Demolition dates for last UI flood recovery projects set for winter 2013


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The flood-damaged Art Building and Hancher/Voxman/Clapp building will remain silently vacant along the riverbanks for at least another year. But University of Iowa officials maintain that flood-recovery efforts are still on schedule.

More than four years after the 2008 flood damaged a number of University of Iowa facilities, the state Board of Regents is set to ponder the budget and dates for the demolition of several buildings.

The demolition dates for these still-vacant facilities were previously undetermined, but dates have now been set for November and December 2013.

The Art Building will be demolished by November 2013, with the replacement’s completion set for April 2016. The demolition of Hancher/Voxman/Clapp is expected to occur in December 2013. The replacements for Hancher and the Music Building will be completed in December 2015 and March 2016, respectively.

UI spokesman Tom Moore said he was very proud of the budget put forth by the UI administration and also the timeliness of the project.

When asked why it had taken more than four years to prepare the final budget for the demolition and relocation of buildings that were damaged in 2008, Moore said it has been a rather speedy recovery.

“The Federal Emergency Management Agency has a very complex set of regulations,” Moore said. “… And we have to comply with them very precisely. Our team has done an excellent job in a very prompt manner.”

Members of the university’s recovery team visited a North Dakota town that had sustained lesser damages, he said, where they learned that the funding process from FEMA — the main contributor to flood recovery at the UI — usually takes about 10 years.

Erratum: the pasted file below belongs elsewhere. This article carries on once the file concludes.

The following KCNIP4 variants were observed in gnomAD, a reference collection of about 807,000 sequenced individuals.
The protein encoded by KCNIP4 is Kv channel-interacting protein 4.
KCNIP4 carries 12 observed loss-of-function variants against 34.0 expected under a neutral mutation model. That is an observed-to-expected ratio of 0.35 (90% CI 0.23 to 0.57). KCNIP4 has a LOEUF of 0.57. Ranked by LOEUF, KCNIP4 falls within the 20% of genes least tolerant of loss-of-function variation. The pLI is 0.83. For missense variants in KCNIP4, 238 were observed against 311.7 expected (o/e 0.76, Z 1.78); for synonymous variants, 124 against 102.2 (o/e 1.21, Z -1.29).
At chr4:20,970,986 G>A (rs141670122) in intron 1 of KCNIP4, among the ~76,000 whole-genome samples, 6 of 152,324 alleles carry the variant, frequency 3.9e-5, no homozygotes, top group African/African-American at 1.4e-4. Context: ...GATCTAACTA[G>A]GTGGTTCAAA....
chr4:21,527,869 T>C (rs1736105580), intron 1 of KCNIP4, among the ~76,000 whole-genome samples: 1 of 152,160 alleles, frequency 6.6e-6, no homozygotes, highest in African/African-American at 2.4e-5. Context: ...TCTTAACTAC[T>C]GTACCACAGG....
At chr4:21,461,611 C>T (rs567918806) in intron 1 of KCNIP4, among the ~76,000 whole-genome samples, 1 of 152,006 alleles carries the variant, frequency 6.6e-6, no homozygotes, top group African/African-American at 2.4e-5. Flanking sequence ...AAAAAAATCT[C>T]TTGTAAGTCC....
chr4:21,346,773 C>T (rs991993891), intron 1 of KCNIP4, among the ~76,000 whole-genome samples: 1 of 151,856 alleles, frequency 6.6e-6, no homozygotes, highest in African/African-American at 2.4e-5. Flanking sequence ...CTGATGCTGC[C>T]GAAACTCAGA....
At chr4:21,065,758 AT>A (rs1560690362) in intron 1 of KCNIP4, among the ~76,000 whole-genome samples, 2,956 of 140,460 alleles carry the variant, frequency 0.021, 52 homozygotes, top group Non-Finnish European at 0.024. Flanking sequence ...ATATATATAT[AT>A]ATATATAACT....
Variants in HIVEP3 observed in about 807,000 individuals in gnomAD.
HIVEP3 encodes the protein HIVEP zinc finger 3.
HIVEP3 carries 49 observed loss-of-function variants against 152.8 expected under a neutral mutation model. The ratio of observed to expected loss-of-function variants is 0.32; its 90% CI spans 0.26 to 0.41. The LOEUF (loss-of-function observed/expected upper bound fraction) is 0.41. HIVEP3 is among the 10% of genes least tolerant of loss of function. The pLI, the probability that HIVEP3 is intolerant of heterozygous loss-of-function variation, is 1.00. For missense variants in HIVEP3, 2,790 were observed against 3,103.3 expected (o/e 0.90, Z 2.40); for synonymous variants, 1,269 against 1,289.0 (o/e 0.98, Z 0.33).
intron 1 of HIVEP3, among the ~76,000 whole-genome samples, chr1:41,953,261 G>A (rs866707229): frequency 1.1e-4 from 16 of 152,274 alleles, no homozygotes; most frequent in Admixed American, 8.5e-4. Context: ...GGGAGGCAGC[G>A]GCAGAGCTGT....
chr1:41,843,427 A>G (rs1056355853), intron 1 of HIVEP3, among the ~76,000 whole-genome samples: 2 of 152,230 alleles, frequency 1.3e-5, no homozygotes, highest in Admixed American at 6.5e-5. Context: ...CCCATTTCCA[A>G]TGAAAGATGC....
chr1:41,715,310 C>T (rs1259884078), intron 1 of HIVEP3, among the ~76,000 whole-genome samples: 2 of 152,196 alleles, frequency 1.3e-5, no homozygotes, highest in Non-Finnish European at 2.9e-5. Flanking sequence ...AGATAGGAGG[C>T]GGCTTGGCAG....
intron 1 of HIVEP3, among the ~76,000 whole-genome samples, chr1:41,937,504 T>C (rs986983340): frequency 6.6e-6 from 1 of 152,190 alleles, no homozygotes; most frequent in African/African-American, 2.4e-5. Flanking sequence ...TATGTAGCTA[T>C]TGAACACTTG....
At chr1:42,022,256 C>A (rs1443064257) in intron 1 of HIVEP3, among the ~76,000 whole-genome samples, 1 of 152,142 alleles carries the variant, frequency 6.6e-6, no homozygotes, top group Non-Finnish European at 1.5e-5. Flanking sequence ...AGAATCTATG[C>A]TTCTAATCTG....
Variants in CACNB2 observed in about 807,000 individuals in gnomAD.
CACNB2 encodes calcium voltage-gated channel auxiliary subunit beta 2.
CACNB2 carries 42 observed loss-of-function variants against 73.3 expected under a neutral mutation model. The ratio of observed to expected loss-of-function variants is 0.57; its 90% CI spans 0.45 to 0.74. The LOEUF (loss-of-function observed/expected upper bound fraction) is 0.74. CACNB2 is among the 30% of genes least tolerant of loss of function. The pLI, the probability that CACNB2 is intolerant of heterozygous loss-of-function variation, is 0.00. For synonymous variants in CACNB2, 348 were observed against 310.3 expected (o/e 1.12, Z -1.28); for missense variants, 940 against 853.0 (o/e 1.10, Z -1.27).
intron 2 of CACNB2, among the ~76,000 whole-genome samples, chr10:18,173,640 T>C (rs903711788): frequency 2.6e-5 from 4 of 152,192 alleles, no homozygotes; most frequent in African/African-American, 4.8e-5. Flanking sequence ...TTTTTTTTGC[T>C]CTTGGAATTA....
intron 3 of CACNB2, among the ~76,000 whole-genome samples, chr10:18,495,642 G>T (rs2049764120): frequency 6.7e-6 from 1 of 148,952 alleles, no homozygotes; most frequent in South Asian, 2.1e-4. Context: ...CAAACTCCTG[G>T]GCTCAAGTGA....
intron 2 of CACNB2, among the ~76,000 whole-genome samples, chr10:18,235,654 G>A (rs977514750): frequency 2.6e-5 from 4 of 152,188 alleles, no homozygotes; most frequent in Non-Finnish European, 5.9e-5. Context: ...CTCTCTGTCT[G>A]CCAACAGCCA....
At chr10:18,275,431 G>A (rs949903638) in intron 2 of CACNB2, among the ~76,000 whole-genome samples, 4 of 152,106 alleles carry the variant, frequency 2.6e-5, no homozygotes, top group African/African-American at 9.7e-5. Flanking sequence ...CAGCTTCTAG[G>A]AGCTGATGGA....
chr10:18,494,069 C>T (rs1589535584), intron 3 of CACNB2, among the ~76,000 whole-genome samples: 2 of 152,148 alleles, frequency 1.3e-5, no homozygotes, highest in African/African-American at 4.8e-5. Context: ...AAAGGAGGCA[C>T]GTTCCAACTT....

With the university’s ambition to both demolish and relocate the current performing-arts centers and the Art Building by April 2016, Moore said, the process has taken less than the average amount of time.

This week, the regents will consider the approval of the demolitions and the budget for the four now useless UI buildings.

As of Oct. 31, major flood-recovery project expenses have equated to $222,447,100, an increase from an earlier estimate of $219,352,800 from Sept. 30. FEMA has been the biggest contributor, having allotted $78,281,389 for the project so far. Moore said the university is greatly appreciative of the agency’s contribution.

Regent Katie Mulholland said the flood recovery project is one of the regents’ top priorities, especially because it has affected students across the campus, both former and current. She also commended the university administration’s effectiveness in securing funds.

“I understand securing federal funds and completing a project of this scale does take time, and like it or not, it is a political process,” she said. “So we really have to be sensitive to honoring the information that we get. In my point of view, the university administrators are doing a fine job in keeping communication open and flowing.”

While UI administrators are planning the physical part of flood recovery, various university departments have worked to better prepare Iowans for future floods with the help of education.

Last weekend, the university hosted more than 30 schoolteachers from seven Iowa communities for a three-day Flood Institute, in which the teachers, along with UI faculty members, developed new curricula that incorporates flood education. The institute is a part of the Living with the Flood project that aims to educate Iowans better about floods.

Hancher Executive Director Charles Swanson said he is trying to be as patient as he possibly can, because he understands that the project is a huge undertaking.

“I am just trying to make sure everything is right before the demolition starts,” said Swanson, also one of the organizers of the Flood Institute. “… And to be honest, we have been so busy with so many other things that the time has actually flown for me.”

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